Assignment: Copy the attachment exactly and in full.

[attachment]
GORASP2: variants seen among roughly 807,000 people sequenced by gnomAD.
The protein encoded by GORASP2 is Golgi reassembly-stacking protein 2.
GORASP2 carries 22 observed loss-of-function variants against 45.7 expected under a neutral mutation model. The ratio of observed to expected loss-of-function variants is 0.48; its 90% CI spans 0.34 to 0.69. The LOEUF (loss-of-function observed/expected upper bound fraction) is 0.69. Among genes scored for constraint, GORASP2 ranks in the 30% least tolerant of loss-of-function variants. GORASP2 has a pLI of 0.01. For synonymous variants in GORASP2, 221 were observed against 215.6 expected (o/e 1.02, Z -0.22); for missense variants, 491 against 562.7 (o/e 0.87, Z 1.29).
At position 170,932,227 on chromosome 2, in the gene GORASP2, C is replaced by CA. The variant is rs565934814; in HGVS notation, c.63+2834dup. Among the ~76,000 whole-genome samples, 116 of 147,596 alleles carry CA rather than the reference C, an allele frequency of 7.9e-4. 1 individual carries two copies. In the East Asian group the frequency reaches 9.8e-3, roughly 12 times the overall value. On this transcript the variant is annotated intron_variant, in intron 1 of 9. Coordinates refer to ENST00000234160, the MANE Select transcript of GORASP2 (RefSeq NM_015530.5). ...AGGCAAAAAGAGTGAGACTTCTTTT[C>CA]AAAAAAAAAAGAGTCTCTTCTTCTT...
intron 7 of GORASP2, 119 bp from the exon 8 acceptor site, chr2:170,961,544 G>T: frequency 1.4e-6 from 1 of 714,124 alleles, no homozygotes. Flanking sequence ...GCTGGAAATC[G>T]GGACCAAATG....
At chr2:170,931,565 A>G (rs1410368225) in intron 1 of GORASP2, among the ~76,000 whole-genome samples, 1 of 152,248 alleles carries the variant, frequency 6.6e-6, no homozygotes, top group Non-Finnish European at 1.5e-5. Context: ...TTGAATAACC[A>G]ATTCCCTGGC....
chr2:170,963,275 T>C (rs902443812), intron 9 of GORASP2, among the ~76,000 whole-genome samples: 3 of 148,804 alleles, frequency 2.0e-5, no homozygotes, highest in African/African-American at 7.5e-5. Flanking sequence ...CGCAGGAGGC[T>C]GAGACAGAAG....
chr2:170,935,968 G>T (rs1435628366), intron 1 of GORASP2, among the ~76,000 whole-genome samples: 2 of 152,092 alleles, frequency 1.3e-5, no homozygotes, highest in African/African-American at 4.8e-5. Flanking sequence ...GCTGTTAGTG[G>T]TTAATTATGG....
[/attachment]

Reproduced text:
GORASP2: variants seen among roughly 807,000 people sequenced by gnomAD.
The protein encoded by GORASP2 is Golgi reassembly-stacking protein 2.
GORASP2 carries 22 observed loss-of-function variants against 45.7 expected under a neutral mutation model. The ratio of observed to expected loss-of-function variants is 0.48; its 90% CI spans 0.34 to 0.69. The LOEUF (loss-of-function observed/expected upper bound fraction) is 0.69. Among genes scored for constraint, GORASP2 ranks in the 30% least tolerant of loss-of-function variants. GORASP2 has a pLI of 0.01. For synonymous variants in GORASP2, 221 were observed against 215.6 expected (o/e 1.02, Z -0.22); for missense variants, 491 against 562.7 (o/e 0.87, Z 1.29).
At position 170,932,227 on chromosome 2, in the gene GORASP2, C is replaced by CA. The variant is rs565934814; in HGVS notation, c.63+2834dup. Among the ~76,000 whole-genome samples, 116 of 147,596 alleles carry CA rather than the reference C, an allele frequency of 7.9e-4. 1 individual carries two copies. In the East Asian group the frequency reaches 9.8e-3, roughly 12 times the overall value. On this transcript the variant is annotated intron_variant, in intron 1 of 9. Coordinates refer to ENST00000234160, the MANE Select transcript of GORASP2 (RefSeq NM_015530.5). ...AGGCAAAAAGAGTGAGACTTCTTTT[C>CA]AAAAAAAAAAGAGTCTCTTCTTCTT...
intron 7 of GORASP2, 119 bp from the exon 8 acceptor site, chr2:170,961,544 G>T: frequency 1.4e-6 from 1 of 714,124 alleles, no homozygotes. Flanking sequence ...GCTGGAAATC[G>T]GGACCAAATG....
At chr2:170,931,565 A>G (rs1410368225) in intron 1 of GORASP2, among the ~76,000 whole-genome samples, 1 of 152,248 alleles carries the variant, frequency 6.6e-6, no homozygotes, top group Non-Finnish European at 1.5e-5. Context: ...TTGAATAACC[A>G]ATTCCCTGGC....
chr2:170,963,275 T>C (rs902443812), intron 9 of GORASP2, among the ~76,000 whole-genome samples: 3 of 148,804 alleles, frequency 2.0e-5, no homozygotes, highest in African/African-American at 7.5e-5. Flanking sequence ...CGCAGGAGGC[T>C]GAGACAGAAG....
chr2:170,935,968 G>T (rs1435628366), intron 1 of GORASP2, among the ~76,000 whole-genome samples: 2 of 152,092 alleles, frequency 1.3e-5, no homozygotes, highest in African/African-American at 4.8e-5. Flanking sequence ...GCTGTTAGTG[G>T]TTAATTATGG....